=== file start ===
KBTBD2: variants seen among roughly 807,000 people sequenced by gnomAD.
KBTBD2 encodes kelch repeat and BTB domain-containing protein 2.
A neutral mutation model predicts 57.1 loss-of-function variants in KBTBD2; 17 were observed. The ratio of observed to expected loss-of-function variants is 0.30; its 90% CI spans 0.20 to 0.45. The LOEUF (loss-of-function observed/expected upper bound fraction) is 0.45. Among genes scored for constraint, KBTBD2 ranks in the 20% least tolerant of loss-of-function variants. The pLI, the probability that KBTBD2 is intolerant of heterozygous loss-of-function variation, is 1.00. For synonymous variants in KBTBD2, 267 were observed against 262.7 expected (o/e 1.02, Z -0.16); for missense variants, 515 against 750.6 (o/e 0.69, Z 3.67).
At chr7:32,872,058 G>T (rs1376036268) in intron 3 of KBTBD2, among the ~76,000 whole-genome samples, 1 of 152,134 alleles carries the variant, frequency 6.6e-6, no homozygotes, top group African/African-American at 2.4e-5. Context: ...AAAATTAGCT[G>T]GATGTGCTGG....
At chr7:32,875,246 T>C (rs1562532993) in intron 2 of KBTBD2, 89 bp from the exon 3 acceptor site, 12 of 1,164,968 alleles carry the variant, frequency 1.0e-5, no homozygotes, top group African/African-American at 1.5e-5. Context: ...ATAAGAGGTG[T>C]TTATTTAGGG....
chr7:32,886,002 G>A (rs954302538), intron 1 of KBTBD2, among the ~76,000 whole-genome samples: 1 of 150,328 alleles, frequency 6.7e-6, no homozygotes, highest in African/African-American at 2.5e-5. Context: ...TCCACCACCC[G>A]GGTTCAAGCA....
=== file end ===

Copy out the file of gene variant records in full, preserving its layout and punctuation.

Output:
KBTBD2: variants seen among roughly 807,000 people sequenced by gnomAD.
KBTBD2 encodes kelch repeat and BTB domain-containing protein 2.
A neutral mutation model predicts 57.1 loss-of-function variants in KBTBD2; 17 were observed. The ratio of observed to expected loss-of-function variants is 0.30; its 90% CI spans 0.20 to 0.45. The LOEUF (loss-of-function observed/expected upper bound fraction) is 0.45. Among genes scored for constraint, KBTBD2 ranks in the 20% least tolerant of loss-of-function variants. The pLI, the probability that KBTBD2 is intolerant of heterozygous loss-of-function variation, is 1.00. For synonymous variants in KBTBD2, 267 were observed against 262.7 expected (o/e 1.02, Z -0.16); for missense variants, 515 against 750.6 (o/e 0.69, Z 3.67).
At chr7:32,872,058 G>T (rs1376036268) in intron 3 of KBTBD2, among the ~76,000 whole-genome samples, 1 of 152,134 alleles carries the variant, frequency 6.6e-6, no homozygotes, top group African/African-American at 2.4e-5. Context: ...AAAATTAGCT[G>T]GATGTGCTGG....
At chr7:32,875,246 T>C (rs1562532993) in intron 2 of KBTBD2, 89 bp from the exon 3 acceptor site, 12 of 1,164,968 alleles carry the variant, frequency 1.0e-5, no homozygotes, top group African/African-American at 1.5e-5. Context: ...ATAAGAGGTG[T>C]TTATTTAGGG....
chr7:32,886,002 G>A (rs954302538), intron 1 of KBTBD2, among the ~76,000 whole-genome samples: 1 of 150,328 alleles, frequency 6.7e-6, no homozygotes, highest in African/African-American at 2.5e-5. Context: ...TCCACCACCC[G>A]GGTTCAAGCA....